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Is internet security a civic duty?

“Your business could be next”. This was the industry response following the latest online security breach affecting the National Lottery. The attack, and others like it, serves to highlight the constant threat to customer data and the worrying vulnerability of personal information, such as user profiles or financial records. Data breaches are not just breaches of security, in terms of corporate responsibility they represent a damaging breach in trust. 

The situation has become so serious that some argue there are just two types of company today – those that have been hacked, and those that do not yet know they’ve been hacked. Surprisingly, many companies are simply hoping to avoid a data breach, not fully realising that the probabilities point to them falling victim to some form of data loss - sooner rather than later. 

But it’s not just the immediate loss of data we need to be concerned about - it’s the consequences this has for us, as users, and the effects on our online behaviour which is more alarming, as they threaten to redefine our relationship with the connected world. 

Deeper consequences

None of us, I’m sure, would be happy working for a company that had a policy of sharing confidential staff records with complete strangers and all of us would be devastated by an identity theft caused by a data breach at an organisation we once did business with. This betrayal of trust has destroyed users’ confidence in companies and in their ability to protect data. As a result, according to a recent global SafeNet survey, nearly two thirds of 4500 respondents across five of the world’s largest economies would never, or were very unlikely to shop or do business with a company that had experienced a data breach. In a further study, as many as 59 per cent of users admit they would likely not do business with a company which had suffered a data breach.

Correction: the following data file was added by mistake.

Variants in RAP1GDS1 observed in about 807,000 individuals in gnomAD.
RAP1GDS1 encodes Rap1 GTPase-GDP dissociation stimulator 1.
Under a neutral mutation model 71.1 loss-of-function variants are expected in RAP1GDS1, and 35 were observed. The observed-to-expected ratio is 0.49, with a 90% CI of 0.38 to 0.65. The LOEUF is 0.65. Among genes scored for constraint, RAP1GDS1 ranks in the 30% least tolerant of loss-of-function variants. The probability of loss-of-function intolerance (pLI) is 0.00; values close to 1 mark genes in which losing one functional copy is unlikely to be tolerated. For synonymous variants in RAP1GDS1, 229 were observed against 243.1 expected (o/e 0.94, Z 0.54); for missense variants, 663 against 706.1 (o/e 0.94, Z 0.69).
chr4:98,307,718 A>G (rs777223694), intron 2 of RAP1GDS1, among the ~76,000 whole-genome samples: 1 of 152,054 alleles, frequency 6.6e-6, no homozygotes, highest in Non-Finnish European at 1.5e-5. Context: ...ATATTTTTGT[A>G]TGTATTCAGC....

This trend is having a profound impact on our online behaviour. Having trust in the transactions we perform – commercial, social or otherwise – is critical for growing the digital economy and a prerequisite for a globally connected Internet. Any erosion of trust is therefore a destabilising threat that goes to the very heart of the Internet.  

I was recently on the steering group for the Internet Society’s analysis of their impact; the resulting security report drew on a significant study by Ipsos on behalf of the Centre for International Governance Innovation.  It found a long term trend; we are becoming more fearful in using the Internet.

Without trust, those online are less likely to volunteer their personal information and those who are not yet online may choose to stay unconnected. Whilst much is made of the reputational implications for a business, some of the responses to the recent National Lottery breach point to a loss of faith. As one hopeful lottery player said, “it just makes me more inclined to go to the shop with cash… it’s worrying when they can get hold of so much of my personal information.”

So what can be done?

According to the Online Trust Alliance, as many as 93 per cent of all breaches to have occurred could have been prevented if the correct counter-measures were in place. And when a breach does occur, it seems that steps are not taken to avoid harm, such as minimising the amount of data stored and encrypting the data that is kept.